Monday, July 6, 2015

La Posada Hotel in Winslow, Arizona

By Kristy McCaffrey

Long before Flagstaff and Sedona became popular vacation towns in Arizona, everyone visited Winslow and the La Posada Hotel for special occasions. Built in 1929 by the Santa Fe Railway, it was the work of esteemed architect Mary Jane Colter, known for the design of many structures at the Grand Canyon. La Posada, however, was her masterpiece and favorite project.

La Posada is one of the last of a series of hotel-depot complexes built across the Southwestern United States in a collaboration between Fred Harvey and the Atchison, Topeka and Santa Fe Railway. Designed for a railroad traveling public, the original front door faced the tracks to the south. It was thought that most guests would arrive by train and stay for several days, so day tours to the Petrified Forest and Indian sites were made available. For a fee you could get a driver, a guide, a picnic, and a custom Packard or Cadillac touring car.

La Posada Hotel ~ Winslow, Arizona

Colter chose two patron saints for La Posada—San Pasqual, Patron Saint of Feasts, and San Ysidro, Patron of Farmers.

Mary Jane Colter
La Posada was officially a Harvey House. Usually, Harvey Girls had a distinct uniform—black dresses with white aprons. But Mary Jane Colter felt the uniform was too severe for La Posada so she substituted colorful aprons with green, blue, or red backgrounds, quilted cacti, donkeys, and snoozing, big-hatted ranch hands. La Posada was the only Harvey Hotel allowed a non-standard uniform.

The kitchens of La Posada were the finest in the Four Corners region. It wasn’t unusual in the 1930’s and 1940’s for hotel to serve 1000 meals a day. In addition to the main kitchen, there was a full bakery and butcher shop, store rooms and freezers, china and linen rooms, and a lead-lined walk-in humidor for cigars. They even refrigerated the kitchen trash to keep it from smelling.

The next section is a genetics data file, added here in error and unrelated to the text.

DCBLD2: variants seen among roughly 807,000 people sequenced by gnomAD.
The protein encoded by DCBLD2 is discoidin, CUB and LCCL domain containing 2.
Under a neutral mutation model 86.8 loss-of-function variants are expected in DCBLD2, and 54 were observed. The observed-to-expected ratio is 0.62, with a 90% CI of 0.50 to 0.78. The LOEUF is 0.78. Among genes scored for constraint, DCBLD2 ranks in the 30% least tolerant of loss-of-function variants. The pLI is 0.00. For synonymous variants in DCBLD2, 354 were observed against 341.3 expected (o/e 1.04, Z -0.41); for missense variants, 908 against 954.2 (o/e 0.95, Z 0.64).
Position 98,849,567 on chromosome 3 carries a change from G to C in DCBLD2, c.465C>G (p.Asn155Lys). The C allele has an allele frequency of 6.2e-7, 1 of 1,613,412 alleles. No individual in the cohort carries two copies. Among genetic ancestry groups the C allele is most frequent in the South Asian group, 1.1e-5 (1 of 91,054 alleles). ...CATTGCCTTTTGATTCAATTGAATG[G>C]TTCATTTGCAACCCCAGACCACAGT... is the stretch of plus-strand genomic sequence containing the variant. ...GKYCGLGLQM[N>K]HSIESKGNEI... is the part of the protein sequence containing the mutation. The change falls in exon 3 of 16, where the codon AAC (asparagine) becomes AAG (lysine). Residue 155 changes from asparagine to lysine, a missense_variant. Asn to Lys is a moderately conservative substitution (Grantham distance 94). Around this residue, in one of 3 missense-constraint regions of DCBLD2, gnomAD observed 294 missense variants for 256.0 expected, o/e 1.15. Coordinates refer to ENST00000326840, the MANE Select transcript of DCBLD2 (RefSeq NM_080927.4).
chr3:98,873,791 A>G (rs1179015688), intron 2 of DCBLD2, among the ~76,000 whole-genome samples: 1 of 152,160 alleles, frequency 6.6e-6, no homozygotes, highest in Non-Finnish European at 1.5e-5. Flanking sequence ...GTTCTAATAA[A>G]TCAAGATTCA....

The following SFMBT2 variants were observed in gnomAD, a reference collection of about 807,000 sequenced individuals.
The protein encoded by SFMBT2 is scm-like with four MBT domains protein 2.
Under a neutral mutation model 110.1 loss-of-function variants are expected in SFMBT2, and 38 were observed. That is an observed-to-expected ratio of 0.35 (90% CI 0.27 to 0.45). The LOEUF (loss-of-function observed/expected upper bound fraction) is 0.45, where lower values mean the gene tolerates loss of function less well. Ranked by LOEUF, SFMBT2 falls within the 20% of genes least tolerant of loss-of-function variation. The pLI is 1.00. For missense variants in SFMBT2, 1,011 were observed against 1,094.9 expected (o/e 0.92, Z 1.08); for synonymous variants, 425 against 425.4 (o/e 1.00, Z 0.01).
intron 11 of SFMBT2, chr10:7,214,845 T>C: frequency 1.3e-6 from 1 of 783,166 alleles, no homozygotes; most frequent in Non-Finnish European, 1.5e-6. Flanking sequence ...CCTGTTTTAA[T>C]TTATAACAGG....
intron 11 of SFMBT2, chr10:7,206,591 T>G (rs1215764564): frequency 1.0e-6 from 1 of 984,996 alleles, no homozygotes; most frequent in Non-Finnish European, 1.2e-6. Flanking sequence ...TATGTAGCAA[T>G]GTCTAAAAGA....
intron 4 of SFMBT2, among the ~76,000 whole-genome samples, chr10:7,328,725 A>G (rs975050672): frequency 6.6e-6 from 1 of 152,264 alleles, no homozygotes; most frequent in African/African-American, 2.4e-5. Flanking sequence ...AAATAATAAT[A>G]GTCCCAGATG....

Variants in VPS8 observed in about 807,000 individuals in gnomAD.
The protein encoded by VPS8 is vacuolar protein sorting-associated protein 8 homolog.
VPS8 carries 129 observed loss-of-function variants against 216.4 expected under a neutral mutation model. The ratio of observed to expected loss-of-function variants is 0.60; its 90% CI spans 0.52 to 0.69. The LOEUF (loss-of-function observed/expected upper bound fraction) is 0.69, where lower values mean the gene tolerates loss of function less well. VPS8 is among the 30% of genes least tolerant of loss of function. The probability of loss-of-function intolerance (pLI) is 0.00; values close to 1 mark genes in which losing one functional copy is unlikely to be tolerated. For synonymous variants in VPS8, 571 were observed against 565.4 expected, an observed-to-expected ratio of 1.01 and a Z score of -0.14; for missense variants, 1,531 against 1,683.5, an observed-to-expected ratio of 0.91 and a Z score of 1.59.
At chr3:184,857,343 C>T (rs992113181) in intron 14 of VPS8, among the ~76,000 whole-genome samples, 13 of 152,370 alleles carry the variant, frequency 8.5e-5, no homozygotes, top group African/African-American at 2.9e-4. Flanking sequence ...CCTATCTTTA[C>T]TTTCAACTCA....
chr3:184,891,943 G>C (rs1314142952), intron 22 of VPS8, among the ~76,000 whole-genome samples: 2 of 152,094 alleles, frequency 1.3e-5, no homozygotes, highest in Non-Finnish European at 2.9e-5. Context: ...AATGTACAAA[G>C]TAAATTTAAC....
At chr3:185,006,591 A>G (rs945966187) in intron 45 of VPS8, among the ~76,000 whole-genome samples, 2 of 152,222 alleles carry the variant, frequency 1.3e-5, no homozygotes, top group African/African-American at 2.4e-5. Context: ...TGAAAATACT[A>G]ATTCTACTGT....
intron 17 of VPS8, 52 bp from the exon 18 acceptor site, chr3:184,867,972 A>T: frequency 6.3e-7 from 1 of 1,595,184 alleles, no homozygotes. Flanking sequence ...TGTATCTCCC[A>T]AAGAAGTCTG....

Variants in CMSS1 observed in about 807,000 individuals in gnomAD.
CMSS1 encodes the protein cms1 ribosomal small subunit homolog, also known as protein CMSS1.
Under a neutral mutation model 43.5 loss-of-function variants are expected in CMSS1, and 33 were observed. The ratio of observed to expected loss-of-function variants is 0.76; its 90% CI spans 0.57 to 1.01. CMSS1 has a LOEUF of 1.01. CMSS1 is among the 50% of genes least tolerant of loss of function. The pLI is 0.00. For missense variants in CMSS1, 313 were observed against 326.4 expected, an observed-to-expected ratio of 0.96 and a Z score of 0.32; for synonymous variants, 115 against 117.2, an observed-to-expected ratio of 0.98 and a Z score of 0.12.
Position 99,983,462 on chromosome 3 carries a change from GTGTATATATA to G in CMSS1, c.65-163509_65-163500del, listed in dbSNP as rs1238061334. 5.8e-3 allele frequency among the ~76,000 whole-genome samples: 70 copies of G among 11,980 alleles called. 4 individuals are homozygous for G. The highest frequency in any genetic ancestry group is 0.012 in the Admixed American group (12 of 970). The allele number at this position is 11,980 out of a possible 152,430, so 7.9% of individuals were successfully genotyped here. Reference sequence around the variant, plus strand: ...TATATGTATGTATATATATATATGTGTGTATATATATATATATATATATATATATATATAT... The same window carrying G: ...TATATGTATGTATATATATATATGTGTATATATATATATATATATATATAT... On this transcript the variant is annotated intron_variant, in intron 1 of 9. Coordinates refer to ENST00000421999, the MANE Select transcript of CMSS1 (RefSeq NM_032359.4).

Most halls ran north-south to capture prevailing winds, and guest doors were louvered to create convection currents. A wind tower exists to capture warm air as it blows in from the southwest across watered lawns, where it’s cooled, humidified, and pushed through public spaces in the hotel. Colter filled La Posada with such passive solar details to keep the hotel comfortable during Arizona’s hot summers.

Famous people who’ve visited include Howard Hughes (Winslow was a TWA stop and he owned the airline), and Charles Lindbergh and Anne Morrow, who resided during part of their honeymoon. They also stayed while Lindbergh designed Winslow’s airfield (the world’s only surviving Lindbergh-designed airport). Other famous guests: Albert Einstein, Will Rogers and Diane Keaton.

Added to the list of visitors - me!


Ginger Jones Simpson said...

Great post. Totally enjoyed learning more about history. Your picture is so cute.

Kristy McCaffrey said...

Thanks Ginger!! Have an awesome day. :-)

Zina Abbott said...

Excellent post. I enjoyed learning more about this hotel. I tell you, as viewed from I-40, Winslow does not impress me. However, the more I learn the history of the region, the more I think I need to get off the highway and take a look around.

Robyn Echols w/a Zina Abbott

Kristy McCaffrey said...

That's true of many places but especially in Arizona. It appears desolate and uninteresting half the time, but knowing a little history can really make it come alive.

Shanna Hatfield said...

Great post, Kristy - and fun photo of you. I leave reading about old hotels and especially Harvey Houses!

Kristy McCaffrey said...

It sure was fun walking through it. We only came for dinner. I've already told the hubster we're returning for an overnight, if only to have more time in their fabulous gift shop!! Thanks for stopping by.